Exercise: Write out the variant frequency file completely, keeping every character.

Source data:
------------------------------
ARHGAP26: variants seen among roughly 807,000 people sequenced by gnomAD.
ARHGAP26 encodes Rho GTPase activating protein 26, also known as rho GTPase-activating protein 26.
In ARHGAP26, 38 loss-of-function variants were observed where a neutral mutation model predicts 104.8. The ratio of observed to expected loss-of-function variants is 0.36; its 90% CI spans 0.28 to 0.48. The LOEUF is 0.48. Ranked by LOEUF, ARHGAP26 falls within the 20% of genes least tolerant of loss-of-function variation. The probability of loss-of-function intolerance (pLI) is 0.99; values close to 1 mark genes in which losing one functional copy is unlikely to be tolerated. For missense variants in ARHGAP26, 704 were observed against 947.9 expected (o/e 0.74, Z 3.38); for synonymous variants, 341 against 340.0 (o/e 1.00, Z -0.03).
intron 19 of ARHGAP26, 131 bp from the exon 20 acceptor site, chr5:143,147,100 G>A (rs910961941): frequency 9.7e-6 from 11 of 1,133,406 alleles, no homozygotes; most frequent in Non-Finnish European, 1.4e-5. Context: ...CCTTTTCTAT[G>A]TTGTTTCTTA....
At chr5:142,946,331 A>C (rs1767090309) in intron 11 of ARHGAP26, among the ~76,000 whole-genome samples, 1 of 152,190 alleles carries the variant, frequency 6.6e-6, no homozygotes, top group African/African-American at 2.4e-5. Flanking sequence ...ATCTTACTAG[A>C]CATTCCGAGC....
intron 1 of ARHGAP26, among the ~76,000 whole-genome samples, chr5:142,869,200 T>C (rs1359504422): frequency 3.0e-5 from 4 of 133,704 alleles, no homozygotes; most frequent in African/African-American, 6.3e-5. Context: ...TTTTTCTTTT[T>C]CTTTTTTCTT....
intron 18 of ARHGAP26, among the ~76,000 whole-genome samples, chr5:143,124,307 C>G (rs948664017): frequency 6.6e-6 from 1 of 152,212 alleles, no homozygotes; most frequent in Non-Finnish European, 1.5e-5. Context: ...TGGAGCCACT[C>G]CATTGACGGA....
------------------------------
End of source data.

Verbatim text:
ARHGAP26: variants seen among roughly 807,000 people sequenced by gnomAD.
ARHGAP26 encodes Rho GTPase activating protein 26, also known as rho GTPase-activating protein 26.
In ARHGAP26, 38 loss-of-function variants were observed where a neutral mutation model predicts 104.8. The ratio of observed to expected loss-of-function variants is 0.36; its 90% CI spans 0.28 to 0.48. The LOEUF is 0.48. Ranked by LOEUF, ARHGAP26 falls within the 20% of genes least tolerant of loss-of-function variation. The probability of loss-of-function intolerance (pLI) is 0.99; values close to 1 mark genes in which losing one functional copy is unlikely to be tolerated. For missense variants in ARHGAP26, 704 were observed against 947.9 expected (o/e 0.74, Z 3.38); for synonymous variants, 341 against 340.0 (o/e 1.00, Z -0.03).
intron 19 of ARHGAP26, 131 bp from the exon 20 acceptor site, chr5:143,147,100 G>A (rs910961941): frequency 9.7e-6 from 11 of 1,133,406 alleles, no homozygotes; most frequent in Non-Finnish European, 1.4e-5. Context: ...CCTTTTCTAT[G>A]TTGTTTCTTA....
At chr5:142,946,331 A>C (rs1767090309) in intron 11 of ARHGAP26, among the ~76,000 whole-genome samples, 1 of 152,190 alleles carries the variant, frequency 6.6e-6, no homozygotes, top group African/African-American at 2.4e-5. Flanking sequence ...ATCTTACTAG[A>C]CATTCCGAGC....
intron 1 of ARHGAP26, among the ~76,000 whole-genome samples, chr5:142,869,200 T>C (rs1359504422): frequency 3.0e-5 from 4 of 133,704 alleles, no homozygotes; most frequent in African/African-American, 6.3e-5. Context: ...TTTTTCTTTT[T>C]CTTTTTTCTT....
intron 18 of ARHGAP26, among the ~76,000 whole-genome samples, chr5:143,124,307 C>G (rs948664017): frequency 6.6e-6 from 1 of 152,212 alleles, no homozygotes; most frequent in Non-Finnish European, 1.5e-5. Context: ...TGGAGCCACT[C>G]CATTGACGGA....